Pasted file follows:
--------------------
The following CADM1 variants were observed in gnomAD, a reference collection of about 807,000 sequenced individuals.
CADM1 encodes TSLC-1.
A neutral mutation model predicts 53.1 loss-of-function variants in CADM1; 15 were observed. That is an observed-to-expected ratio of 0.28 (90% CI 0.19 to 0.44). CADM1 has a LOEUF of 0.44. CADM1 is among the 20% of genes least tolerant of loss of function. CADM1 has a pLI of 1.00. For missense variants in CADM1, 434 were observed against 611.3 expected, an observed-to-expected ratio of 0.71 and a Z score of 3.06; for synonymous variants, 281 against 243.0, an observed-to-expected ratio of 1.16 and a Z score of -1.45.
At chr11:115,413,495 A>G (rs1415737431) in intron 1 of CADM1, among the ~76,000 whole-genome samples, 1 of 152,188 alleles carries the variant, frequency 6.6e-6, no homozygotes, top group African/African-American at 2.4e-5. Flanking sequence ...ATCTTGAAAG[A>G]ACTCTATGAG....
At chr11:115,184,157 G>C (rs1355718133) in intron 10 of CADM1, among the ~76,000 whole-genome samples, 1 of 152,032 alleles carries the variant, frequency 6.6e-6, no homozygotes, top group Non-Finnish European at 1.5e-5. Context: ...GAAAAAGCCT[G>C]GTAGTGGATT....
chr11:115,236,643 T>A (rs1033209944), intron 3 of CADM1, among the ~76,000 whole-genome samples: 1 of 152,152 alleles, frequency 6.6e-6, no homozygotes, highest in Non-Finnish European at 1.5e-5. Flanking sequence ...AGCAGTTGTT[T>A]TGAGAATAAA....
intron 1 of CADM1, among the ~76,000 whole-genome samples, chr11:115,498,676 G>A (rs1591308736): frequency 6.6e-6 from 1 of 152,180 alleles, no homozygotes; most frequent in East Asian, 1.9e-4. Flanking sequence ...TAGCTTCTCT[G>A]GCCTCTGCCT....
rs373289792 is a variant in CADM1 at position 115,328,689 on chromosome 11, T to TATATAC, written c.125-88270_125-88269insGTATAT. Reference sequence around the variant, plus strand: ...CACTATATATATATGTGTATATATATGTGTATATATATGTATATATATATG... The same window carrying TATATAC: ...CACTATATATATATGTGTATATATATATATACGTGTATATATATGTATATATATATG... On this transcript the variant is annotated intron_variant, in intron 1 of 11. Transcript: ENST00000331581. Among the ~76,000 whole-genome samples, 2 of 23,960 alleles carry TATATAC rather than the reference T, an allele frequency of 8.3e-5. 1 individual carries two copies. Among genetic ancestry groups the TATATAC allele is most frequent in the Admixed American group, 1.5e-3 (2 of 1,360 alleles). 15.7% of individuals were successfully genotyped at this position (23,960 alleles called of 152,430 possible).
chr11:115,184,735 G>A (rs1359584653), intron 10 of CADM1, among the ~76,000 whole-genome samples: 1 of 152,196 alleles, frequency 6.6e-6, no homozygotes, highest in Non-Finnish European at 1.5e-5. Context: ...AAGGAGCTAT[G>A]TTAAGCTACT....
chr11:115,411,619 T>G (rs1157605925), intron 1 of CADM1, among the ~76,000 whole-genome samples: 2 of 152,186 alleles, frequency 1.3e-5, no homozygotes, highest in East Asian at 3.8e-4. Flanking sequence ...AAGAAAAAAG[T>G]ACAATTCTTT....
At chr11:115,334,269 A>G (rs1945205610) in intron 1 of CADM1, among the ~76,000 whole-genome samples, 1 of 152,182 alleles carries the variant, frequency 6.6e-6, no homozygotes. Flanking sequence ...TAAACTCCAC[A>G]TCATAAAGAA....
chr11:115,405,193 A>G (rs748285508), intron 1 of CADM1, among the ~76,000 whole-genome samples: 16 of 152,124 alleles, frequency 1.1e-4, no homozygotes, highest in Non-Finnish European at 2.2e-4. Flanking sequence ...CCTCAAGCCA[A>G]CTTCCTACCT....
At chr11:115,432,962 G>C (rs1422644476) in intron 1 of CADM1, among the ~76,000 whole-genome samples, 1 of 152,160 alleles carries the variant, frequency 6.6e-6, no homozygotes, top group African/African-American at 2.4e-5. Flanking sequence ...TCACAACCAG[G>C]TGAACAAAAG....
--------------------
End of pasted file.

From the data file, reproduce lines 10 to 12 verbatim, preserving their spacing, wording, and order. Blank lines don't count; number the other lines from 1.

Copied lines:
chr11:115,411,619 T>G (rs1157605925), intron 1 of CADM1, among the ~76,000 whole-genome samples: 2 of 152,186 alleles, frequency 1.3e-5, no homozygotes, highest in East Asian at 3.8e-4. Flanking sequence ...AAGAAAAAAG[T>G]ACAATTCTTT....
At chr11:115,334,269 A>G (rs1945205610) in intron 1 of CADM1, among the ~76,000 whole-genome samples, 1 of 152,182 alleles carries the variant, frequency 6.6e-6, no homozygotes. Flanking sequence ...TAAACTCCAC[A>G]TCATAAAGAA....
chr11:115,405,193 A>G (rs748285508), intron 1 of CADM1, among the ~76,000 whole-genome samples: 16 of 152,124 alleles, frequency 1.1e-4, no homozygotes, highest in Non-Finnish European at 2.2e-4. Flanking sequence ...CCTCAAGCCA[A>G]CTTCCTACCT....